Essentially, what I was brainstorming for so many years was the blueprint for a new form of distributed society. Not quite capitalism, and not quite communism. A third way. A peer-to-peer, AI-centric commons. The goal would be to provide most of the material and creature comforts of first-world living but with maximal efficiency and minimal energy and raw material usage.

A decade ago, I could already see the writing on the wall. Without intervention, GDP-mania would lead, eventually, to corporate capture of governments through private-public partnerships and a form of Neofeudalism. The wealthy would establish themselves as a rentier caste, producing nothing, hoarding everything. In this context, transhumanism was madness. It would invariably lead to a Brave New World-style caste system. The wealthiest people would enhance themselves to the point of becoming unassailable 300 IQ demigods, with perfect memory and data correlation capabilities, while leaving everyone else in their dust. You wouldn’t be able to beat them—not in the markets, not in knowledge discovery or the so-called information economy, or any dimension of human endeavor.

If human augmentation was inevitable, then we clearly needed to bring about a classless society before it came about, otherwise, it would be used by the already dominant to dominate others further, or so I reasoned. In a classless society, transhuman augmentation would instead be used by everyone equally to enhance their best characteristics—intelligence, empathy, lifespan, and so on. Crime would be reduced to nil, as our reasons for aggression towards one another–like material deprivation, personality disorders, and so on–would all be cured.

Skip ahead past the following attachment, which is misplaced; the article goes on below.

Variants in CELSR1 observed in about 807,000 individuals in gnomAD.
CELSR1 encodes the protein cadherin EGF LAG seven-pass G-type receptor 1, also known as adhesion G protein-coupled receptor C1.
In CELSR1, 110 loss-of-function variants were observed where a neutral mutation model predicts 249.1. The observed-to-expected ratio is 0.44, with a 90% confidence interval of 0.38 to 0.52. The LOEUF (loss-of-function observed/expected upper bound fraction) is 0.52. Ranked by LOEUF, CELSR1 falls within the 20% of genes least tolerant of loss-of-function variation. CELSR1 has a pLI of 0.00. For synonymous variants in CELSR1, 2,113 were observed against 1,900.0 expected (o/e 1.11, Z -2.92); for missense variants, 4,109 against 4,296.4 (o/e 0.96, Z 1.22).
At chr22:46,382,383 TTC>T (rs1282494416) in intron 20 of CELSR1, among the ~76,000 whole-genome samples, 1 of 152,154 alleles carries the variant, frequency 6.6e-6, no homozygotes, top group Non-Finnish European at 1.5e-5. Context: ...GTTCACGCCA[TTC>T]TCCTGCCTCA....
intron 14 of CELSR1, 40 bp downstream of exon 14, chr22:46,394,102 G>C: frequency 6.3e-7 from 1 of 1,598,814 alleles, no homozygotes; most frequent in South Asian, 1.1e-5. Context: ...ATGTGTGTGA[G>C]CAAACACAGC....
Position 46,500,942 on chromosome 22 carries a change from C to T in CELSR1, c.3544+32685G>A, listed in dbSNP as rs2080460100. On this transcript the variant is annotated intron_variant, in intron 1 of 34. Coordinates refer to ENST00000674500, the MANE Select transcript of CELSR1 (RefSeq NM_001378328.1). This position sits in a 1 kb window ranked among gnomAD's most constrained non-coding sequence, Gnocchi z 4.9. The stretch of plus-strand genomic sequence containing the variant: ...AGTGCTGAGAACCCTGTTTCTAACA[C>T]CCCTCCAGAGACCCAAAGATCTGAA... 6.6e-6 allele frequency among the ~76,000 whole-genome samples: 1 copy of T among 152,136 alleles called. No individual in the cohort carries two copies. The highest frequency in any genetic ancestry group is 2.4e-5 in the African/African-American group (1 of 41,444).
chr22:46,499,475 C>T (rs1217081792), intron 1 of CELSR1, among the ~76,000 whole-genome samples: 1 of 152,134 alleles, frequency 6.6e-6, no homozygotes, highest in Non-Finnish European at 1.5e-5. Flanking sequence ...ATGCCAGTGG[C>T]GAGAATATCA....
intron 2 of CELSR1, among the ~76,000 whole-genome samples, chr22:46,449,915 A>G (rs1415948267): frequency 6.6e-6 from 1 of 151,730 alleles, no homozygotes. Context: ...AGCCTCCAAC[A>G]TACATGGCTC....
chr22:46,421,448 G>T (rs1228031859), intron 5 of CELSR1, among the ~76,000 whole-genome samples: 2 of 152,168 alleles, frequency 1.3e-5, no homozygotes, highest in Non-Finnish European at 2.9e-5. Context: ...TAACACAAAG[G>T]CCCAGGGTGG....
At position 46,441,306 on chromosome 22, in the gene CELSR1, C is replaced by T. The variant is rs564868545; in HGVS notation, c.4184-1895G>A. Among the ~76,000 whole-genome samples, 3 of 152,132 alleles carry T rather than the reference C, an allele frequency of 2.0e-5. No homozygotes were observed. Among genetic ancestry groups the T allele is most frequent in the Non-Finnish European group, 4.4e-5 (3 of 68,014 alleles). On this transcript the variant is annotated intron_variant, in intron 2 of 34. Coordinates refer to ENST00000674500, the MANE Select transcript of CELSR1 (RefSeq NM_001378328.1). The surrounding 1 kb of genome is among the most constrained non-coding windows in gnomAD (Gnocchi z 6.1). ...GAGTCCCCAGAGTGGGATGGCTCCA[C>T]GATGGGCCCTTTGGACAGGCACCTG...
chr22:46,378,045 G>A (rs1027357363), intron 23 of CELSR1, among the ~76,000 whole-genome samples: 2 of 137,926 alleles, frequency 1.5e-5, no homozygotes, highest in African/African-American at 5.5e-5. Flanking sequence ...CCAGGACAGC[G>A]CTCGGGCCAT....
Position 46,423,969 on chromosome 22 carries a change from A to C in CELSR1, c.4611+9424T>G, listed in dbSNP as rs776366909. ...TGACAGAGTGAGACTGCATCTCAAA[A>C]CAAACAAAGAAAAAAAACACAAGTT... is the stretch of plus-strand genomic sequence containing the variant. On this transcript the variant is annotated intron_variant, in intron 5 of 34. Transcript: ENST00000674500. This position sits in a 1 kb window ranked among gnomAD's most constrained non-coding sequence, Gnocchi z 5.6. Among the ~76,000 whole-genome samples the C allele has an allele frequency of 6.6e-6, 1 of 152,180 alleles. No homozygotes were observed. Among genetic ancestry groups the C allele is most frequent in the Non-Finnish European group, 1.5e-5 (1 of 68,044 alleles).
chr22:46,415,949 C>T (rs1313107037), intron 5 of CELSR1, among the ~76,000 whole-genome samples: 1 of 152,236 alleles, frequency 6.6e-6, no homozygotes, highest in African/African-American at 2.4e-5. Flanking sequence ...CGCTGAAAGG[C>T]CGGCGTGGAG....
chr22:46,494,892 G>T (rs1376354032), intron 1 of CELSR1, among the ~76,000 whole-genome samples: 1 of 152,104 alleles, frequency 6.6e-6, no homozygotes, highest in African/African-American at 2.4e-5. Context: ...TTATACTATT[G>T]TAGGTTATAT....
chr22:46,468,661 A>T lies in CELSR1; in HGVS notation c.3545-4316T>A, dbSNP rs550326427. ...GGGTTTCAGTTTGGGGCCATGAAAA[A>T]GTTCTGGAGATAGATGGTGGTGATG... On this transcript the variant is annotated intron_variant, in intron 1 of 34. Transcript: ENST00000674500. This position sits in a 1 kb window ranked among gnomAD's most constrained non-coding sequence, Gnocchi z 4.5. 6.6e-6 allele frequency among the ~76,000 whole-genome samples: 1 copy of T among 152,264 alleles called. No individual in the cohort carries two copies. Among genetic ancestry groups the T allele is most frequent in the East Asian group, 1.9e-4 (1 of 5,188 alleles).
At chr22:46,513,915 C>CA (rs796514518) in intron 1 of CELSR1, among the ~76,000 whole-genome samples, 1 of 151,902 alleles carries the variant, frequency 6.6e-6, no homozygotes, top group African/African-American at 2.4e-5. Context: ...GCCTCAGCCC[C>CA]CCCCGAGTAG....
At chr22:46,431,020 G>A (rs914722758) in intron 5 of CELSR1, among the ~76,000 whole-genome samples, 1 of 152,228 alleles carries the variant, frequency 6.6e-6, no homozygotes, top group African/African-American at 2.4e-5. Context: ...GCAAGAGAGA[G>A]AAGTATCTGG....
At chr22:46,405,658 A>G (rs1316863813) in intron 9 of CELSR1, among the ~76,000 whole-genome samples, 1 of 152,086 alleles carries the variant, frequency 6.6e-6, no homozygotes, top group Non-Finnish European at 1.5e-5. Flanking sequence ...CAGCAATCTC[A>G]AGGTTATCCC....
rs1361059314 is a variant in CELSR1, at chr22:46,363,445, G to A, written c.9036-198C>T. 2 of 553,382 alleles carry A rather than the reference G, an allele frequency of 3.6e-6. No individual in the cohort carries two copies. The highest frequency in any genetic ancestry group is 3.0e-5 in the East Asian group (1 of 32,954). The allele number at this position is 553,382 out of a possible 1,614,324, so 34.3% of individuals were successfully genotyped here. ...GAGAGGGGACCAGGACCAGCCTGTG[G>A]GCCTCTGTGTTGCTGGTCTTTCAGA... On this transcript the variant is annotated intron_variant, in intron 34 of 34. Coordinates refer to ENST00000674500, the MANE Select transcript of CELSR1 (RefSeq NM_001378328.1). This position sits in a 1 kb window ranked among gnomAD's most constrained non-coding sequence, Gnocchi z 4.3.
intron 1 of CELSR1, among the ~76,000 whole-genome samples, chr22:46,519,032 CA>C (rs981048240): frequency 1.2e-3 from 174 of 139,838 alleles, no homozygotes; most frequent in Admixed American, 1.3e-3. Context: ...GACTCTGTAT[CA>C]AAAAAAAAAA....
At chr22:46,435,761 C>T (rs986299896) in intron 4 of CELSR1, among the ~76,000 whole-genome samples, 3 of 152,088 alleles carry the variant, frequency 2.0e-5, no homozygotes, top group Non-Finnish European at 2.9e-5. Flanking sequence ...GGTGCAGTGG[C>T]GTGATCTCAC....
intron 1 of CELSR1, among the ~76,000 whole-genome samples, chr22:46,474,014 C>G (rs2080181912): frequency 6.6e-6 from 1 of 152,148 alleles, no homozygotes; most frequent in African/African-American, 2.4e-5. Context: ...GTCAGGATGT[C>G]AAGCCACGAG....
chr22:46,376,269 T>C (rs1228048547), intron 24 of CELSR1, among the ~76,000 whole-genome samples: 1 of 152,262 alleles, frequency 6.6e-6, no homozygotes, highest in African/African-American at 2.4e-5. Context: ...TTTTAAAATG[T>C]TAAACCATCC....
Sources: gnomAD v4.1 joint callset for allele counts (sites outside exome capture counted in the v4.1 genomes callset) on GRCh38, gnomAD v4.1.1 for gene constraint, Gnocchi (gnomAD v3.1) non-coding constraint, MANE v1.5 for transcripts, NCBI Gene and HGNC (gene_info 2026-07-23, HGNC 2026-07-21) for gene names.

What I did not anticipate was that the ultra-wealthy Overclass would implement basically all of these very same ideas that I once had, not with the goal of providing everyone on this planet with utopian material abundance, but with the goal of stripping people of every kind of sovereignty. Our bodies, our identities, our food, everything. Seeing Fauci, that narcissistic psychopath, paraded around on television, I quickly realized that a society run by credentialed experts instead of elected officials would be a terrible idea.

I’d bought into the lie of scientism for many years and assumed that men of science would at least be beholden to the truth in some way and not corruptible by financial interests. Nope. Not even slightly. They are susceptible to bribery and can be made to say whatever their paymasters want them to. Sad, in retrospect. Anyway, that’s basically the gist of it. I originally conceived of transhumanism and technocracy as a means to avoid letting humanity fall into serfdom under an unassailable rentier caste, but what’s happening is that transhumanism and technocracy are being utilized to force humanity into a giant dog kennel where we will be forced into serfdom at the whims of an unassailable rentier caste.